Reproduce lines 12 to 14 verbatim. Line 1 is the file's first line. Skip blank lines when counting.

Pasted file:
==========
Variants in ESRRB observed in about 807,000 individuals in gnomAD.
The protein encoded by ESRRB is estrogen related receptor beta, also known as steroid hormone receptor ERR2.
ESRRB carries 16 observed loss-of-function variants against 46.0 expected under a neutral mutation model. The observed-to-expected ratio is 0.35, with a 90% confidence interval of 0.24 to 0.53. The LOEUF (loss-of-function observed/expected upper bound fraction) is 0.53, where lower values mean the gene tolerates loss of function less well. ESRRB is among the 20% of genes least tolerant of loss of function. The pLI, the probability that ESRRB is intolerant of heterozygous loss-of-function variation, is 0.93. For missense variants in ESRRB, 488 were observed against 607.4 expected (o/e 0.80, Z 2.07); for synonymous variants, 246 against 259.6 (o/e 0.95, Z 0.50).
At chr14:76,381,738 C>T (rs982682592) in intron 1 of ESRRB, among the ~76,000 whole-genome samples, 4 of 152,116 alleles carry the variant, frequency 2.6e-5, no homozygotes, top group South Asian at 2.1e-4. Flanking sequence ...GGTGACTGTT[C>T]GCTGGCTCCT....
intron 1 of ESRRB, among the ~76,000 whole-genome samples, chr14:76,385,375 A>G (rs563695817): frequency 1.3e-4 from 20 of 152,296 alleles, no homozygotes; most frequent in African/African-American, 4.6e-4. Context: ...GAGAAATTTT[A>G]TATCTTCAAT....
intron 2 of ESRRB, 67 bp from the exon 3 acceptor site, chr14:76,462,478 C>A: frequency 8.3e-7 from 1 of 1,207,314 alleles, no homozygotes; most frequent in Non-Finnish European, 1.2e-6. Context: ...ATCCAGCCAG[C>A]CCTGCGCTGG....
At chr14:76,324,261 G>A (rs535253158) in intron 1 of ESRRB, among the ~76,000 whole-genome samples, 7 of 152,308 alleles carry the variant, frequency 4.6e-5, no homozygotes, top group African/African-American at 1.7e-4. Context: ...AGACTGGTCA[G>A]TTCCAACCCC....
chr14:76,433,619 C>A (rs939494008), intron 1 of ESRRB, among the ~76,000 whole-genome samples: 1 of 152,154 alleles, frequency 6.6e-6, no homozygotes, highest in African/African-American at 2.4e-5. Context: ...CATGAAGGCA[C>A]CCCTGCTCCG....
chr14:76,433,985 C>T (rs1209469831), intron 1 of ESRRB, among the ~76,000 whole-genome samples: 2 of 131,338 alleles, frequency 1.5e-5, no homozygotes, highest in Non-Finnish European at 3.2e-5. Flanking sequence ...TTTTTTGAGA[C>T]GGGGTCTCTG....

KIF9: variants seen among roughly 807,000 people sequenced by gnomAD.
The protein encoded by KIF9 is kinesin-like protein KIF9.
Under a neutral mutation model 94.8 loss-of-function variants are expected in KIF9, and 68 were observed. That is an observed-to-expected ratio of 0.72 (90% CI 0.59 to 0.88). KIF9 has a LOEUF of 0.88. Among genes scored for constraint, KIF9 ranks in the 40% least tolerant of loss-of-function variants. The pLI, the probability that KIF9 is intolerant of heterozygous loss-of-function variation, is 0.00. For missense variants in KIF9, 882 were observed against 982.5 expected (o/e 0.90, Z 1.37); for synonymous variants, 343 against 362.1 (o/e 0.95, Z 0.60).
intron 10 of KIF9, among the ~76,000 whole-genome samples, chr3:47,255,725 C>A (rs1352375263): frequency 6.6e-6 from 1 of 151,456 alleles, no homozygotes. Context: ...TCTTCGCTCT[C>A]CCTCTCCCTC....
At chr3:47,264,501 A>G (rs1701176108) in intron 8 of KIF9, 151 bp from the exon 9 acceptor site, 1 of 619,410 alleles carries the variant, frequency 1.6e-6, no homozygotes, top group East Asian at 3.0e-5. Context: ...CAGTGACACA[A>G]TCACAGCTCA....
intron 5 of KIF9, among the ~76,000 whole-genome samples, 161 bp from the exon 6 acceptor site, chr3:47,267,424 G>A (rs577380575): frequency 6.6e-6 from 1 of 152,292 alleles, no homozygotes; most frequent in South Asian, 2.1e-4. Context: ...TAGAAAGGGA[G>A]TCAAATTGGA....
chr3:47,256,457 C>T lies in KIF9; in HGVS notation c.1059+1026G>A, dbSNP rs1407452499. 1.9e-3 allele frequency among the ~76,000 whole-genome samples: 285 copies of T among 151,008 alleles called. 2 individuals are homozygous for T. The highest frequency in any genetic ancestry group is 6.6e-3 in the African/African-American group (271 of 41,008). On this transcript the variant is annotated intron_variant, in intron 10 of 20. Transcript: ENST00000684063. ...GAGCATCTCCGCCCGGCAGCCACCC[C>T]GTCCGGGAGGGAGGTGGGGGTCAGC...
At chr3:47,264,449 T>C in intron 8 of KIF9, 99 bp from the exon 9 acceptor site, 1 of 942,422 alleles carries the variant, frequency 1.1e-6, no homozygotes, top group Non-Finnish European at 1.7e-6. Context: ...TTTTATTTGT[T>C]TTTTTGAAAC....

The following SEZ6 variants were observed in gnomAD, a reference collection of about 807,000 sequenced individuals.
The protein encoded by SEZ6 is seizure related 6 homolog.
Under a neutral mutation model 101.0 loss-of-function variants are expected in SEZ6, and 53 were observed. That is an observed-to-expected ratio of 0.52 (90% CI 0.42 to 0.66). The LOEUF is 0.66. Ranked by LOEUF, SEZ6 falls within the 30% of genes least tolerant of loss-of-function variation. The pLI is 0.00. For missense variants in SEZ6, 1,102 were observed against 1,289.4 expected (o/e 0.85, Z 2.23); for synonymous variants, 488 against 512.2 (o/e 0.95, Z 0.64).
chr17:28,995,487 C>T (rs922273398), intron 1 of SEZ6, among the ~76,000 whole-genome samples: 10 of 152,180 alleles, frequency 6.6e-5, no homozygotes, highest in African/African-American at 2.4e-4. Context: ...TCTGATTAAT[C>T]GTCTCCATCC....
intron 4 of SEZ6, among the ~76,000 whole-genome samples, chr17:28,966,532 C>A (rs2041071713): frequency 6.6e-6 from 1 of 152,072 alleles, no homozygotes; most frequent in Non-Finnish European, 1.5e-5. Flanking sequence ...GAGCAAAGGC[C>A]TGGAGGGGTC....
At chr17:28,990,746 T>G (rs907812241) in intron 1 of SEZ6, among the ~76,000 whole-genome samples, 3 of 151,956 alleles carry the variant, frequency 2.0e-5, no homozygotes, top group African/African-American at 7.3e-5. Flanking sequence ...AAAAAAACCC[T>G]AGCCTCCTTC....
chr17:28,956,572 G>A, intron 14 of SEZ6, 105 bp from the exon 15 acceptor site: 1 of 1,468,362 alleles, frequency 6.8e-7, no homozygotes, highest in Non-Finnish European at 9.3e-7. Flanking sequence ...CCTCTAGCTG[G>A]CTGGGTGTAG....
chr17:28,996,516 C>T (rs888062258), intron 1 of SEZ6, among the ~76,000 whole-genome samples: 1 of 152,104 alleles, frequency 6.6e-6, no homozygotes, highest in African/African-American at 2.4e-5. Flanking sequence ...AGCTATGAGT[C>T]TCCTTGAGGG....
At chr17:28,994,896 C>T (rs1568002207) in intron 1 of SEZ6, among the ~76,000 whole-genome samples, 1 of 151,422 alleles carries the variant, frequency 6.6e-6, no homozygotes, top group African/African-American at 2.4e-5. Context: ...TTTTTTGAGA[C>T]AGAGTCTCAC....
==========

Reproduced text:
Under a neutral mutation model 94.8 loss-of-function variants are expected in KIF9, and 68 were observed. That is an observed-to-expected ratio of 0.72 (90% CI 0.59 to 0.88). KIF9 has a LOEUF of 0.88. Among genes scored for constraint, KIF9 ranks in the 40% least tolerant of loss-of-function variants. The pLI, the probability that KIF9 is intolerant of heterozygous loss-of-function variation, is 0.00. For missense variants in KIF9, 882 were observed against 982.5 expected (o/e 0.90, Z 1.37); for synonymous variants, 343 against 362.1 (o/e 0.95, Z 0.60).
intron 10 of KIF9, among the ~76,000 whole-genome samples, chr3:47,255,725 C>A (rs1352375263): frequency 6.6e-6 from 1 of 151,456 alleles, no homozygotes. Context: ...TCTTCGCTCT[C>A]CCTCTCCCTC....
At chr3:47,264,501 A>G (rs1701176108) in intron 8 of KIF9, 151 bp from the exon 9 acceptor site, 1 of 619,410 alleles carries the variant, frequency 1.6e-6, no homozygotes, top group East Asian at 3.0e-5. Context: ...CAGTGACACA[A>G]TCACAGCTCA....